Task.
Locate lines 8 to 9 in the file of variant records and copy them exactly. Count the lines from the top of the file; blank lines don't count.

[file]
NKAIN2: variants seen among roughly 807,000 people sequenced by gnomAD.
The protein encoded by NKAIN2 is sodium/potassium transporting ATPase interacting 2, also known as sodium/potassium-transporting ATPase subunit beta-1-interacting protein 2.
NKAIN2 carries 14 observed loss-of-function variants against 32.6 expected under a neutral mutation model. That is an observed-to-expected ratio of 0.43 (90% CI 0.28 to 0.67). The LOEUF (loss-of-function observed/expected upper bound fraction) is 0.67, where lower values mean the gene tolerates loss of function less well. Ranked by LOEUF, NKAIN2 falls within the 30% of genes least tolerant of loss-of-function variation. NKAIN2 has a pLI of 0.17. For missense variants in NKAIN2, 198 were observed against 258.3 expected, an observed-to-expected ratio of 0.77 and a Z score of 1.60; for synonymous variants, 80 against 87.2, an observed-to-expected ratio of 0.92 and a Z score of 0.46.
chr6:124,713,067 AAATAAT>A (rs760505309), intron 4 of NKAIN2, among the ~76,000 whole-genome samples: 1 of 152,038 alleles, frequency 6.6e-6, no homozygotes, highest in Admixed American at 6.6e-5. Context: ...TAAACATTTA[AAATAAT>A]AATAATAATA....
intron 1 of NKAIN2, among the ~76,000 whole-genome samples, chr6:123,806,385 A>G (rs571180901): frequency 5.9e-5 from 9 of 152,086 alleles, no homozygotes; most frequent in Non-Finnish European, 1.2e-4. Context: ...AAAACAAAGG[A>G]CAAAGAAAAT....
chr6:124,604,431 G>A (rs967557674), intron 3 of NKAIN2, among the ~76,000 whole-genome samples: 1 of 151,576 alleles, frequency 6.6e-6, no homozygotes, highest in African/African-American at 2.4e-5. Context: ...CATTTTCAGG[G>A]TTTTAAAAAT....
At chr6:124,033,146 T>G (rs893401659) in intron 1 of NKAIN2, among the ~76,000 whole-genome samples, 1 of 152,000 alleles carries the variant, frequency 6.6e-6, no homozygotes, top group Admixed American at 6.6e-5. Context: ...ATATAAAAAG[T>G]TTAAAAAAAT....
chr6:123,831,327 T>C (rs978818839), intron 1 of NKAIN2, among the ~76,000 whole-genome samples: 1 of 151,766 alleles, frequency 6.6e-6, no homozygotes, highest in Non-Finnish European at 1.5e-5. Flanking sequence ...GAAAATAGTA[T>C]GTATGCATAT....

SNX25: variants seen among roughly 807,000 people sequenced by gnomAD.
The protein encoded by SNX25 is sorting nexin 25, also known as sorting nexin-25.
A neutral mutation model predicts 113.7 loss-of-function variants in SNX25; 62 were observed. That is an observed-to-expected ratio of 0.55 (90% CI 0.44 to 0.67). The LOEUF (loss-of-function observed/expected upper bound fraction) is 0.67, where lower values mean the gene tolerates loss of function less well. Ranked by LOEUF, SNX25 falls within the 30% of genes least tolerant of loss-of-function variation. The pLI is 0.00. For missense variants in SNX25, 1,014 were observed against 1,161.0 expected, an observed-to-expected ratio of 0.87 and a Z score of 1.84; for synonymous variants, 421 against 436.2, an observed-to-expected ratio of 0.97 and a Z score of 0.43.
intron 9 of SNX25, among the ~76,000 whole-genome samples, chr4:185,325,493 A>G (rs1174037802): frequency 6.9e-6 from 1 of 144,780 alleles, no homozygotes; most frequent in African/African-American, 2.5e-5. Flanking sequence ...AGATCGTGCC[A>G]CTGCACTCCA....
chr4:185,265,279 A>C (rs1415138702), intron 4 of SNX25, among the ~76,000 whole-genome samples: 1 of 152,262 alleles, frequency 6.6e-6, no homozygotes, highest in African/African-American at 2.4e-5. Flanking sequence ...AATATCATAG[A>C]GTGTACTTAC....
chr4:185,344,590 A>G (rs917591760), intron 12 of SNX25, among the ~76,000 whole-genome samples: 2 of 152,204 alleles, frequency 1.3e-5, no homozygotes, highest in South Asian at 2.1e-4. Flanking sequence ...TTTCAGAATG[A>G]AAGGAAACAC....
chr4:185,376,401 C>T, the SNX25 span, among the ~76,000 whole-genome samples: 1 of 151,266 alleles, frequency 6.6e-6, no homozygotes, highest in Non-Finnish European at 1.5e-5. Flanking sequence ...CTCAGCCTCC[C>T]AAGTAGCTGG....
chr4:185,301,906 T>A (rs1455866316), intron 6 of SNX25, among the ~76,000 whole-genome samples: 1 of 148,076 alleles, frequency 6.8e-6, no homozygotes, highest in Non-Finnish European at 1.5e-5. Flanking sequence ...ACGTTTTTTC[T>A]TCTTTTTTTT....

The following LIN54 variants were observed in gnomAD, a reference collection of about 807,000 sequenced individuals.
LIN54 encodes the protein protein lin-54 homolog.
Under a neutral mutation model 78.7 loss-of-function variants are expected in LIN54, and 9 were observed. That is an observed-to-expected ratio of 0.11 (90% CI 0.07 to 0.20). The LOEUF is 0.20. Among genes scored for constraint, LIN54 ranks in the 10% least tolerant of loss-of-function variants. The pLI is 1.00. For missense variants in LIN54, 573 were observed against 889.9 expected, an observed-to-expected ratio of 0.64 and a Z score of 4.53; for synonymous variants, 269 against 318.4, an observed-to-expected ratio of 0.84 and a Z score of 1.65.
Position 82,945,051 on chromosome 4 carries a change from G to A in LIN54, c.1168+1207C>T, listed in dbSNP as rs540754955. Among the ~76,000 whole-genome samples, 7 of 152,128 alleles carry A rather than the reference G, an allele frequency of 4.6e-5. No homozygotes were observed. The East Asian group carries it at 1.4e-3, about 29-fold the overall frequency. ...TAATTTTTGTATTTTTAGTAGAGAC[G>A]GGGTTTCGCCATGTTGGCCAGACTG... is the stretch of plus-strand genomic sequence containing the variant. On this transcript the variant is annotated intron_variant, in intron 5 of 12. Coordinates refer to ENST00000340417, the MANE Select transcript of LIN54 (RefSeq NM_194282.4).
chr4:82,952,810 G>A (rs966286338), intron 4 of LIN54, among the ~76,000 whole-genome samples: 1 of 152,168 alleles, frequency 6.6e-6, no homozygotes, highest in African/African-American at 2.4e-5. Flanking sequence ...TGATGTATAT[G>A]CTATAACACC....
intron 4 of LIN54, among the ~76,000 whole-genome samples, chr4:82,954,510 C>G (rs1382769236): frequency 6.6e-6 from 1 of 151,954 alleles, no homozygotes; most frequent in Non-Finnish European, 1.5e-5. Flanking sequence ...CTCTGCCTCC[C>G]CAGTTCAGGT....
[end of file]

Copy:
chr6:123,831,327 T>C (rs978818839), intron 1 of NKAIN2, among the ~76,000 whole-genome samples: 1 of 151,766 alleles, frequency 6.6e-6, no homozygotes, highest in Non-Finnish European at 1.5e-5. Flanking sequence ...GAAAATAGTA[T>C]GTATGCATAT....

SNX25: variants seen among roughly 807,000 people sequenced by gnomAD.